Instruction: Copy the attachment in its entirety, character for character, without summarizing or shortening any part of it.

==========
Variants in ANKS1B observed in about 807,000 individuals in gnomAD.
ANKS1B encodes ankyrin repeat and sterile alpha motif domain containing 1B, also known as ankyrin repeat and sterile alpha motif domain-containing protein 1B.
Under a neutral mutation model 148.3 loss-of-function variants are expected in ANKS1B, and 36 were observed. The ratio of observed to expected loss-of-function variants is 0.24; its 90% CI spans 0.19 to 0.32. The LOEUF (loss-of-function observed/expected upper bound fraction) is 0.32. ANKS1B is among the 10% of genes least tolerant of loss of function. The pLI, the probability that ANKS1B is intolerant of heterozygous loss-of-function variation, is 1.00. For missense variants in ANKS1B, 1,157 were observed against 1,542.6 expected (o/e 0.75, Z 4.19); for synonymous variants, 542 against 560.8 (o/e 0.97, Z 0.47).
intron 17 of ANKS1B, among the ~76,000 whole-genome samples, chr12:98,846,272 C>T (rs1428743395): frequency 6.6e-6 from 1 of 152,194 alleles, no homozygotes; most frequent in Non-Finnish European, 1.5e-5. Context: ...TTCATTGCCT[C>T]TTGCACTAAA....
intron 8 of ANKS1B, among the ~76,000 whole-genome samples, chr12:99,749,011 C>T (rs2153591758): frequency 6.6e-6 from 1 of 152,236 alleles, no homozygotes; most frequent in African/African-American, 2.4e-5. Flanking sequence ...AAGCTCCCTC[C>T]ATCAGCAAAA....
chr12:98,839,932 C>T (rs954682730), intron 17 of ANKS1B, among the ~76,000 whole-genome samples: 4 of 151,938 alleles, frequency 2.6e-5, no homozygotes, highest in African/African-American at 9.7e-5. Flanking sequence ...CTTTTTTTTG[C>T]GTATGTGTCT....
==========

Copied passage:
Variants in ANKS1B observed in about 807,000 individuals in gnomAD.
ANKS1B encodes ankyrin repeat and sterile alpha motif domain containing 1B, also known as ankyrin repeat and sterile alpha motif domain-containing protein 1B.
Under a neutral mutation model 148.3 loss-of-function variants are expected in ANKS1B, and 36 were observed. The ratio of observed to expected loss-of-function variants is 0.24; its 90% CI spans 0.19 to 0.32. The LOEUF (loss-of-function observed/expected upper bound fraction) is 0.32. ANKS1B is among the 10% of genes least tolerant of loss of function. The pLI, the probability that ANKS1B is intolerant of heterozygous loss-of-function variation, is 1.00. For missense variants in ANKS1B, 1,157 were observed against 1,542.6 expected (o/e 0.75, Z 4.19); for synonymous variants, 542 against 560.8 (o/e 0.97, Z 0.47).
intron 17 of ANKS1B, among the ~76,000 whole-genome samples, chr12:98,846,272 C>T (rs1428743395): frequency 6.6e-6 from 1 of 152,194 alleles, no homozygotes; most frequent in Non-Finnish European, 1.5e-5. Context: ...TTCATTGCCT[C>T]TTGCACTAAA....
intron 8 of ANKS1B, among the ~76,000 whole-genome samples, chr12:99,749,011 C>T (rs2153591758): frequency 6.6e-6 from 1 of 152,236 alleles, no homozygotes; most frequent in African/African-American, 2.4e-5. Flanking sequence ...AAGCTCCCTC[C>T]ATCAGCAAAA....
chr12:98,839,932 C>T (rs954682730), intron 17 of ANKS1B, among the ~76,000 whole-genome samples: 4 of 151,938 alleles, frequency 2.6e-5, no homozygotes, highest in African/African-American at 9.7e-5. Flanking sequence ...CTTTTTTTTG[C>T]GTATGTGTCT....